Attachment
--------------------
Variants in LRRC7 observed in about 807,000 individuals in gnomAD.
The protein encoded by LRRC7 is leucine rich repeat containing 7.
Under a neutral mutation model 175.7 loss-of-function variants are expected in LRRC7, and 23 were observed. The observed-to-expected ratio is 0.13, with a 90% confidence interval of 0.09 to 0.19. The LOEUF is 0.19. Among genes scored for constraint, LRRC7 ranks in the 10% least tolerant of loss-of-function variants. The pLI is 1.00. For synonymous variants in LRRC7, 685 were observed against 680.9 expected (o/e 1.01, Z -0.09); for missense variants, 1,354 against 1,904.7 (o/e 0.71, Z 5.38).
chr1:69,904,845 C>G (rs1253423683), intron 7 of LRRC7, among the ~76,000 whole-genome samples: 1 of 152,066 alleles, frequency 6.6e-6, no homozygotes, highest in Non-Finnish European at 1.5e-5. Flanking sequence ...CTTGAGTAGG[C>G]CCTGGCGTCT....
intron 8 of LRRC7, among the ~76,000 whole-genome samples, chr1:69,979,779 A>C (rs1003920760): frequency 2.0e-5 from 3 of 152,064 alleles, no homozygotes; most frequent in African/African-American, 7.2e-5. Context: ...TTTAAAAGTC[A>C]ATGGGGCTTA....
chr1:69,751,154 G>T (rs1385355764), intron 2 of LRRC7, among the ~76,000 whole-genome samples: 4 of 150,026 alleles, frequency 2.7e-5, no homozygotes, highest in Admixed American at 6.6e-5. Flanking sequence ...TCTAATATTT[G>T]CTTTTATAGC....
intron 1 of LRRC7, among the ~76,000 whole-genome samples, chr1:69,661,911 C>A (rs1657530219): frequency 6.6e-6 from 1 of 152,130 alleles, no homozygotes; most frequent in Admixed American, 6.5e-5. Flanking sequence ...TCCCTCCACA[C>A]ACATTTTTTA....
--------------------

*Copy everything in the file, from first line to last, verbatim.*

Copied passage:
Variants in LRRC7 observed in about 807,000 individuals in gnomAD.
The protein encoded by LRRC7 is leucine rich repeat containing 7.
Under a neutral mutation model 175.7 loss-of-function variants are expected in LRRC7, and 23 were observed. The observed-to-expected ratio is 0.13, with a 90% confidence interval of 0.09 to 0.19. The LOEUF is 0.19. Among genes scored for constraint, LRRC7 ranks in the 10% least tolerant of loss-of-function variants. The pLI is 1.00. For synonymous variants in LRRC7, 685 were observed against 680.9 expected (o/e 1.01, Z -0.09); for missense variants, 1,354 against 1,904.7 (o/e 0.71, Z 5.38).
chr1:69,904,845 C>G (rs1253423683), intron 7 of LRRC7, among the ~76,000 whole-genome samples: 1 of 152,066 alleles, frequency 6.6e-6, no homozygotes, highest in Non-Finnish European at 1.5e-5. Flanking sequence ...CTTGAGTAGG[C>G]CCTGGCGTCT....
intron 8 of LRRC7, among the ~76,000 whole-genome samples, chr1:69,979,779 A>C (rs1003920760): frequency 2.0e-5 from 3 of 152,064 alleles, no homozygotes; most frequent in African/African-American, 7.2e-5. Context: ...TTTAAAAGTC[A>C]ATGGGGCTTA....
chr1:69,751,154 G>T (rs1385355764), intron 2 of LRRC7, among the ~76,000 whole-genome samples: 4 of 150,026 alleles, frequency 2.7e-5, no homozygotes, highest in Admixed American at 6.6e-5. Flanking sequence ...TCTAATATTT[G>T]CTTTTATAGC....
intron 1 of LRRC7, among the ~76,000 whole-genome samples, chr1:69,661,911 C>A (rs1657530219): frequency 6.6e-6 from 1 of 152,130 alleles, no homozygotes; most frequent in Admixed American, 6.5e-5. Flanking sequence ...TCCCTCCACA[C>A]ACATTTTTTA....